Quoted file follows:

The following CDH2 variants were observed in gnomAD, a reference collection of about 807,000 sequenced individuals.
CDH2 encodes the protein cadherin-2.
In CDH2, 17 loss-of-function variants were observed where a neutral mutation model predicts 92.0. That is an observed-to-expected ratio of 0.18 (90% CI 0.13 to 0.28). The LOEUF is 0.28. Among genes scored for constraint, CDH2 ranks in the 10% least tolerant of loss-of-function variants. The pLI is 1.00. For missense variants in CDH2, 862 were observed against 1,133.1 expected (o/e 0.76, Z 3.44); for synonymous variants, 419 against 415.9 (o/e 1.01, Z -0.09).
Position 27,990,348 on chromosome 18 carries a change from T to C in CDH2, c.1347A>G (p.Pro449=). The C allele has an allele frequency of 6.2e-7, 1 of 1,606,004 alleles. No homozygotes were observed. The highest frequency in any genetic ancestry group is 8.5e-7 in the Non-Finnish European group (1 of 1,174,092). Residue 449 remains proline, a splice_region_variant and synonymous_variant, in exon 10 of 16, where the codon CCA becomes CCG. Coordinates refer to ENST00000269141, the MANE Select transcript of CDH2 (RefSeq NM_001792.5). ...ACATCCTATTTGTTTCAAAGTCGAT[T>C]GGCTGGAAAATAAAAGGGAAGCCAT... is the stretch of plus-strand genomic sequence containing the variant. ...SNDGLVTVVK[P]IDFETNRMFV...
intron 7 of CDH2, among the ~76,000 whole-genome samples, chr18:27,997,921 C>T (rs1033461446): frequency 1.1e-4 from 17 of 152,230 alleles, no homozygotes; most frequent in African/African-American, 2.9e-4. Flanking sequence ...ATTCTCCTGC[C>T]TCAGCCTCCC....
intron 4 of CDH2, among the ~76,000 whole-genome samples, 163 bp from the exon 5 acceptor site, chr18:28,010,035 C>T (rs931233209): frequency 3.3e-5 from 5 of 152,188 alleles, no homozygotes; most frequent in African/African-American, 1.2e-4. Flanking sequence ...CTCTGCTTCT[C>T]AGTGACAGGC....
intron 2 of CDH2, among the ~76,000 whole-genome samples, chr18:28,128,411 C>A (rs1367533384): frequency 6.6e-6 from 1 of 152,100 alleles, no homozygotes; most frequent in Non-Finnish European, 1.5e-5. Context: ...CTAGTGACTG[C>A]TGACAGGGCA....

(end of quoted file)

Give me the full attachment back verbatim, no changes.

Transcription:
The following CDH2 variants were observed in gnomAD, a reference collection of about 807,000 sequenced individuals.
CDH2 encodes the protein cadherin-2.
In CDH2, 17 loss-of-function variants were observed where a neutral mutation model predicts 92.0. That is an observed-to-expected ratio of 0.18 (90% CI 0.13 to 0.28). The LOEUF is 0.28. Among genes scored for constraint, CDH2 ranks in the 10% least tolerant of loss-of-function variants. The pLI is 1.00. For missense variants in CDH2, 862 were observed against 1,133.1 expected (o/e 0.76, Z 3.44); for synonymous variants, 419 against 415.9 (o/e 1.01, Z -0.09).
Position 27,990,348 on chromosome 18 carries a change from T to C in CDH2, c.1347A>G (p.Pro449=). The C allele has an allele frequency of 6.2e-7, 1 of 1,606,004 alleles. No homozygotes were observed. The highest frequency in any genetic ancestry group is 8.5e-7 in the Non-Finnish European group (1 of 1,174,092). Residue 449 remains proline, a splice_region_variant and synonymous_variant, in exon 10 of 16, where the codon CCA becomes CCG. Coordinates refer to ENST00000269141, the MANE Select transcript of CDH2 (RefSeq NM_001792.5). ...ACATCCTATTTGTTTCAAAGTCGAT[T>C]GGCTGGAAAATAAAAGGGAAGCCAT... is the stretch of plus-strand genomic sequence containing the variant. ...SNDGLVTVVK[P]IDFETNRMFV...
intron 7 of CDH2, among the ~76,000 whole-genome samples, chr18:27,997,921 C>T (rs1033461446): frequency 1.1e-4 from 17 of 152,230 alleles, no homozygotes; most frequent in African/African-American, 2.9e-4. Flanking sequence ...ATTCTCCTGC[C>T]TCAGCCTCCC....
intron 4 of CDH2, among the ~76,000 whole-genome samples, 163 bp from the exon 5 acceptor site, chr18:28,010,035 C>T (rs931233209): frequency 3.3e-5 from 5 of 152,188 alleles, no homozygotes; most frequent in African/African-American, 1.2e-4. Flanking sequence ...CTCTGCTTCT[C>T]AGTGACAGGC....
intron 2 of CDH2, among the ~76,000 whole-genome samples, chr18:28,128,411 C>A (rs1367533384): frequency 6.6e-6 from 1 of 152,100 alleles, no homozygotes; most frequent in Non-Finnish European, 1.5e-5. Context: ...CTAGTGACTG[C>A]TGACAGGGCA....